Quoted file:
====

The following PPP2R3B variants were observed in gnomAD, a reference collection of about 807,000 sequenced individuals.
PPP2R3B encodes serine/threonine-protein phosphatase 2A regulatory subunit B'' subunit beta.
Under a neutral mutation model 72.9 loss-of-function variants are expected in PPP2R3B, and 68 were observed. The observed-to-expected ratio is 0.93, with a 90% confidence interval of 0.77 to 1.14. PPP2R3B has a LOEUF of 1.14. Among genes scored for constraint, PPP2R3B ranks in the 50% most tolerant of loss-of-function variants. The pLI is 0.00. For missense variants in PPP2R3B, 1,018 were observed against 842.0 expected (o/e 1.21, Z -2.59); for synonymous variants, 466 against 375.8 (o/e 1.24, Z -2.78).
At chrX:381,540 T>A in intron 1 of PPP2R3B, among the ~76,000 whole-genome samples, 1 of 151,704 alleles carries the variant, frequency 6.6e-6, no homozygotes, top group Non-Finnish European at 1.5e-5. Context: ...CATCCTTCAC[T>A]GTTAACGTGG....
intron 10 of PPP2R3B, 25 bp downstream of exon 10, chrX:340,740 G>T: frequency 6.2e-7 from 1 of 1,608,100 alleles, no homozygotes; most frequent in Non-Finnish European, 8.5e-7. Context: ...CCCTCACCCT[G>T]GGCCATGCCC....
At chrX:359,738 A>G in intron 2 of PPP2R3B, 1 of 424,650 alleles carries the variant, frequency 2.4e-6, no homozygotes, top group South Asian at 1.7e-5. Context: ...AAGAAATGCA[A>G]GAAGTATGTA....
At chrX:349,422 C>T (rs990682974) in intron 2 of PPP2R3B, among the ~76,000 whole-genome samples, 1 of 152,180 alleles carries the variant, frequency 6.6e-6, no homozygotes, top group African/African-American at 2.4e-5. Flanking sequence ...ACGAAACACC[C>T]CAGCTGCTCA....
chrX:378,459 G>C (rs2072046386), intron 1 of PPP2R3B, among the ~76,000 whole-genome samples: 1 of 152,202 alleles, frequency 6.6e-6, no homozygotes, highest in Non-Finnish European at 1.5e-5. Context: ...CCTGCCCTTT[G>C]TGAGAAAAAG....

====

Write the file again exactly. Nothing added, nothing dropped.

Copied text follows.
The following PPP2R3B variants were observed in gnomAD, a reference collection of about 807,000 sequenced individuals.
PPP2R3B encodes serine/threonine-protein phosphatase 2A regulatory subunit B'' subunit beta.
Under a neutral mutation model 72.9 loss-of-function variants are expected in PPP2R3B, and 68 were observed. The observed-to-expected ratio is 0.93, with a 90% confidence interval of 0.77 to 1.14. PPP2R3B has a LOEUF of 1.14. Among genes scored for constraint, PPP2R3B ranks in the 50% most tolerant of loss-of-function variants. The pLI is 0.00. For missense variants in PPP2R3B, 1,018 were observed against 842.0 expected (o/e 1.21, Z -2.59); for synonymous variants, 466 against 375.8 (o/e 1.24, Z -2.78).
At chrX:381,540 T>A in intron 1 of PPP2R3B, among the ~76,000 whole-genome samples, 1 of 151,704 alleles carries the variant, frequency 6.6e-6, no homozygotes, top group Non-Finnish European at 1.5e-5. Context: ...CATCCTTCAC[T>A]GTTAACGTGG....
intron 10 of PPP2R3B, 25 bp downstream of exon 10, chrX:340,740 G>T: frequency 6.2e-7 from 1 of 1,608,100 alleles, no homozygotes; most frequent in Non-Finnish European, 8.5e-7. Context: ...CCCTCACCCT[G>T]GGCCATGCCC....
At chrX:359,738 A>G in intron 2 of PPP2R3B, 1 of 424,650 alleles carries the variant, frequency 2.4e-6, no homozygotes, top group South Asian at 1.7e-5. Context: ...AAGAAATGCA[A>G]GAAGTATGTA....
At chrX:349,422 C>T (rs990682974) in intron 2 of PPP2R3B, among the ~76,000 whole-genome samples, 1 of 152,180 alleles carries the variant, frequency 6.6e-6, no homozygotes, top group African/African-American at 2.4e-5. Flanking sequence ...ACGAAACACC[C>T]CAGCTGCTCA....
chrX:378,459 G>C (rs2072046386), intron 1 of PPP2R3B, among the ~76,000 whole-genome samples: 1 of 152,202 alleles, frequency 6.6e-6, no homozygotes, highest in Non-Finnish European at 1.5e-5. Context: ...CCTGCCCTTT[G>C]TGAGAAAAAG....